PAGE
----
About 99% of fish larvae die within weeks of hatching, but what causes this extreme death toll? Disease, predation, lack of food and inhospitable habitats are possible culprits, but most larvae die even when raised with plenty of food and safety. Recently, Roi Holzman and colleagues at Tel Aviv University and Afeka College of Engineering, Israel, explored this paradox of ‘starvation despite food abundance’ through the lens of biomechanics. Whereas most theories of larval mortality have focused primarily on ecological factors, Holzman and colleagues tested whether feeding success was influenced by the hydrodynamic forces acting upon larvae. In a previous study, they found that recently hatched larvae experienced ‘hydrodynamic starvation’ whereby strong viscous forces in water make many larvae physically incapable of capturing prey. In a new study led by Victor China working with colleagues at Tel Aviv University and the Inter-University Institute for Marine Sciences, Israel, they continue to delve into the mechanisms that drive hydrodynamic starvation by evaluating how suction feeding is affected by the development of physical traits and the associated hydrodynamic forces that work with, or against, them.
Larval fishes primarily use suction feeding, where they rapidly expand their mouth cavity to create a pressure gradient that draws water (and the prey within it) into the mouth. How water moves can be described by its Reynold's number (Re), which is a ratio of the viscous forces that resist movement and the inertial forces that keep the fluid moving. Small organisms experience a low Re environment, where viscous forces predominate and water feels as thick as molasses. By the end of the larval period, Re increases 100-fold and prey capture improves 4-fold. This improvement could be due to changes in the hydrodynamic regime that make it easier to move water, or developing anatomical traits that make larvae better predators (e.g. better vision). To disentangle the contributions of hydrodynamics and development, the team used high-speed videos to compare the feeding manoeuvres of gilt-head bream (Sparus aurata) ranging between 8 and 23 days old in hydrodynamic environments that were experimentally manipulated to have higher viscosities.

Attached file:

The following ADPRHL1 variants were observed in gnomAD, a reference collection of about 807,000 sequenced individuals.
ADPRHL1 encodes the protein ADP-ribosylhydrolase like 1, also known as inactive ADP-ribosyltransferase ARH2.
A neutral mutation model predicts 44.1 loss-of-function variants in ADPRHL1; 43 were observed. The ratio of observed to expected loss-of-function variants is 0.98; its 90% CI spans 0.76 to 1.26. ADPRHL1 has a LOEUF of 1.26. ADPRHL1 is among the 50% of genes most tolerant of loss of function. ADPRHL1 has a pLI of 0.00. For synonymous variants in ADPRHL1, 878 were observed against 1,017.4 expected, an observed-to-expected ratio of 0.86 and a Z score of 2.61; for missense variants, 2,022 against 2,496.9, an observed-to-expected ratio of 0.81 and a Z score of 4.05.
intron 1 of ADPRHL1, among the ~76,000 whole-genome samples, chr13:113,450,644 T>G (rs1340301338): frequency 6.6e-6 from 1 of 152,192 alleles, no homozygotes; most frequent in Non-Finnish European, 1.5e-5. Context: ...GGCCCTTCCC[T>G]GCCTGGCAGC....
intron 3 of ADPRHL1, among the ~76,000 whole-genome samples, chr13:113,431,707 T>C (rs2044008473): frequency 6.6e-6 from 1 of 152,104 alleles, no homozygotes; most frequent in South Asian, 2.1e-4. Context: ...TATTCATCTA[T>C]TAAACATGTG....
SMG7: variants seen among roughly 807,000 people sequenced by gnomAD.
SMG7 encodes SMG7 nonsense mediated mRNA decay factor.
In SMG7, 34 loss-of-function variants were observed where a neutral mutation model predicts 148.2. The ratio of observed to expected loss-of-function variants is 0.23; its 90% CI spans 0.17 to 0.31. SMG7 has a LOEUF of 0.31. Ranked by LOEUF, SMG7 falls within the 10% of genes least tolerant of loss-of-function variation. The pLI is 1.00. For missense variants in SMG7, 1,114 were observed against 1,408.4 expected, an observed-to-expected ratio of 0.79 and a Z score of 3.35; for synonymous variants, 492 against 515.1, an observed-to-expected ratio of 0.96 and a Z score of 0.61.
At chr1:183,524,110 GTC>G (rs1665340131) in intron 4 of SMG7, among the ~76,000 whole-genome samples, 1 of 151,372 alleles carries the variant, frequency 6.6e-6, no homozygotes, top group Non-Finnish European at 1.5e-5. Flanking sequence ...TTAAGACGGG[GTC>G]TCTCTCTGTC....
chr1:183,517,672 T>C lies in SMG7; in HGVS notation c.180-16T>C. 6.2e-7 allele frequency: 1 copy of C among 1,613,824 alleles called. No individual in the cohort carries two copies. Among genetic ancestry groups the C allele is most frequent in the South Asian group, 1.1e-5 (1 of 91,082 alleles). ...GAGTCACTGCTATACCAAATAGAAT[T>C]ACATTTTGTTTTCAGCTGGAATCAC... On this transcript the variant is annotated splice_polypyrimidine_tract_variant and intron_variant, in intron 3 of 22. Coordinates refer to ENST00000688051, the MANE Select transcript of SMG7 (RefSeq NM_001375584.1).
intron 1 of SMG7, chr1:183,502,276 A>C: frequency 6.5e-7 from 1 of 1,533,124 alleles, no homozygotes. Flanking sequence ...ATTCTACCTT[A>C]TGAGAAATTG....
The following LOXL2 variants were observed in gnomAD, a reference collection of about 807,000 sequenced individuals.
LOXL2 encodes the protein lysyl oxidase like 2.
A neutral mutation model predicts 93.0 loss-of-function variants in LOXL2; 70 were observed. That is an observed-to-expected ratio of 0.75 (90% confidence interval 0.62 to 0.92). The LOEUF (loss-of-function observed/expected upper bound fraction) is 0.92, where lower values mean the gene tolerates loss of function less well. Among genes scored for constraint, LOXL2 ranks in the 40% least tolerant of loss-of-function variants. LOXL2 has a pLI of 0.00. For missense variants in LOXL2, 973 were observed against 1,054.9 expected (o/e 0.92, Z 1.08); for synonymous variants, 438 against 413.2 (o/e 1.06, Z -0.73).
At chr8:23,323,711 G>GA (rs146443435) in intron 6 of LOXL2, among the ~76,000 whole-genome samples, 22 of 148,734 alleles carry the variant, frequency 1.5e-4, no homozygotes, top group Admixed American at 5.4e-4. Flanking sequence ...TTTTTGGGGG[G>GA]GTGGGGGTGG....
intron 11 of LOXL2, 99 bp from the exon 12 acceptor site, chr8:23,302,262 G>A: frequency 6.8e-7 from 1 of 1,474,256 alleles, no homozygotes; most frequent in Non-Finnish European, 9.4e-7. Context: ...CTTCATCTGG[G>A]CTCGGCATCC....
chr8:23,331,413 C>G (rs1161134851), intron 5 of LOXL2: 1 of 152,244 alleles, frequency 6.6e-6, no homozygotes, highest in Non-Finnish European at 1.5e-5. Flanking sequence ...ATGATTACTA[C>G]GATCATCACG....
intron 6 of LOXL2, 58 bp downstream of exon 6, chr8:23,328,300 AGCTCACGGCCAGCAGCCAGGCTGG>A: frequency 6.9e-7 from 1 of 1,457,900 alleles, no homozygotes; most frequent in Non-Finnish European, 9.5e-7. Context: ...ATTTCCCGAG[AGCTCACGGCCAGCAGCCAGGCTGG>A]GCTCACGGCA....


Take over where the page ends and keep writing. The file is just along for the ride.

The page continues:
They found that increased feeding success was not necessarily a matter of being older and more developed, but instead depended on the correct combination of physical traits that allowed individuals to escape the danger zone of low Re and high viscosity. Larger body sizes associated with older individuals and decreased viscosities improved feeding success, but only indirectly through the alteration of physical characteristics that conferred higher Re, such as larger body/mouth sizes and faster attacks. At low Re, the team also observed events in which the prey was engulfed but then inadvertently spat out as the fish closed its mouth. These ‘in&out’ events suggest that timing is of the essence and that larvae face unique challenges in the viscous world compared with adult fish living in a higher Re environment. Consequently, high larval mortality may be due not to intense predation but to being too small and slow to eat properly.
The discovery that feeding success depends on escaping the danger zone of low Re brings us closer to solving the mystery of massive larval die-offs and helps inform wildlife management decisions. The team suggests that selection for larger larvae at hatching could increase survival rates because bigger individuals feed better, faster and on a greater range of prey by bypassing low Re. With many fishes decreasing in size as a result of over-fishing, these results also serve as a cautionary note that being smaller can be big trouble for fishes.